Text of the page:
Streak camera

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Working principle of a streak camera

A streak camera is an instrument for measuring the variation in a pulse of light's intensity with time. They are used to measure the pulse duration of some ultrafast laser systems and for applications such as time-resolved spectroscopy and LIDAR.

Mechanical types[edit]

Mechanical streak cameras use a rotating mirror or moving slit system to deflect the light beam. They are limited in their maximum scan speed and thus temporal resolution.[1]

Optoelectronic type[edit]

Optoelectronic streak cameras work by directing the light onto a photocathode, which when hit by photons produces electrons via the photoelectric effect. The electrons are accelerated in a cathode ray tube and pass through an electric field produced by a pair of plates, which deflects the electrons sideways. By modulating the electric potential between the plates, the electric field is quickly changed to give a time-varying deflection of the electrons, sweeping the electrons across a phosphor screen at the end of the tube.[2] A linear detector, such as a charge-coupled device (CCD) array is used to measure the streak pattern on the screen, and thus the temporal profile of the light pulse.[3]

The time-resolution of the best optoelectronic streak cameras is around 180 femtoseconds.[4] Measurement of pulses shorter than this duration requires other techniques such as optical autocorrelation and frequency-resolved optical gating (FROG).[5]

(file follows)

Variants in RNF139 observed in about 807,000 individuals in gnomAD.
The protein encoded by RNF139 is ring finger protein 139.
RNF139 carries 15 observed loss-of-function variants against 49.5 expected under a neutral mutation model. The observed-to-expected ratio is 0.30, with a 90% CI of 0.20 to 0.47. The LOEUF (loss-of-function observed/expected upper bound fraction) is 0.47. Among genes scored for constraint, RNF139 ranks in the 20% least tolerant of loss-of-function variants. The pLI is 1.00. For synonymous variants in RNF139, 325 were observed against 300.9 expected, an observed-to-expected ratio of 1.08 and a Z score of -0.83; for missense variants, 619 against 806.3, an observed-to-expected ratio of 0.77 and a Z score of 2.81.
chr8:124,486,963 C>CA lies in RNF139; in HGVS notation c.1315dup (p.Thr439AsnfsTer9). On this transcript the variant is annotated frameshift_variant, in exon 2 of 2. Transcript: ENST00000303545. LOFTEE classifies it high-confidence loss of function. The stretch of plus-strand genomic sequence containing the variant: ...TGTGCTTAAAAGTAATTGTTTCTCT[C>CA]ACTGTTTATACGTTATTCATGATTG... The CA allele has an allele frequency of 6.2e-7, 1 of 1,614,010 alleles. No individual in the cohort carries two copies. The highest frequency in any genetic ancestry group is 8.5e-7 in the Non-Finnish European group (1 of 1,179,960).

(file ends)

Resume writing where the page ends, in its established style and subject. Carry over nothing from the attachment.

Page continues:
In December 2011, a team at MIT released images combining the use of a streak camera with repeated laser pulses to simulate a movie with a frame rate of one trillion frames per second.[6] This was surpassed in 2020 by a team from Caltech that achieved frame rates of 70 trillion fps.[7]

See also[edit]


  1. ^ Horn, Alexander (2009). Ultra-fast Material Metrology. John Wiley & Sons. p. 7. ISBN 9783527627936.
  2. ^ Mourou, Gerard A.; Bloom, David M.; Lee, Chi-H. (2013). Picosecond Electronics and Optoelectronics: Proceedings of the Topical Meeting Lake Tahoe, Nevada, March 13–15, 1985. Springer Science & Business Media. p. 58. ISBN 9783642707803.
  3. ^ "Guide to streak cameras" (PDF). Retrieved 2015-07-07.
  4. ^ Akira Takahashi et al.: "New femtosecond streak camera with temporal resolution of 180 fs" Proc. SPIE 2116, Generation, Amplification, and Measurement of Ultrashort Laser Pulses, 275 (May 16, 1994); doi:10.1117/12.175863
  5. ^ Chang, Zenghu (2016). Fundamentals of Attosecond Optics. CRC Press. p. 84. ISBN 9781420089387.
  6. ^ "MIT's trillion frames per second light-tracking camera". BBC News. 2011-12-13. Retrieved 2011-12-14.
  7. ^ Wang, Peng; Liang, Jinyang; Wang, Lihong V. (29 April 2020). "Single-shot ultrafast imaging attaining 70 trillion frames per second". Nature Communications. 11 (1): 2091. doi:10.1038/s41467-020-15745-4. PMC 7190645. PMID 32350256.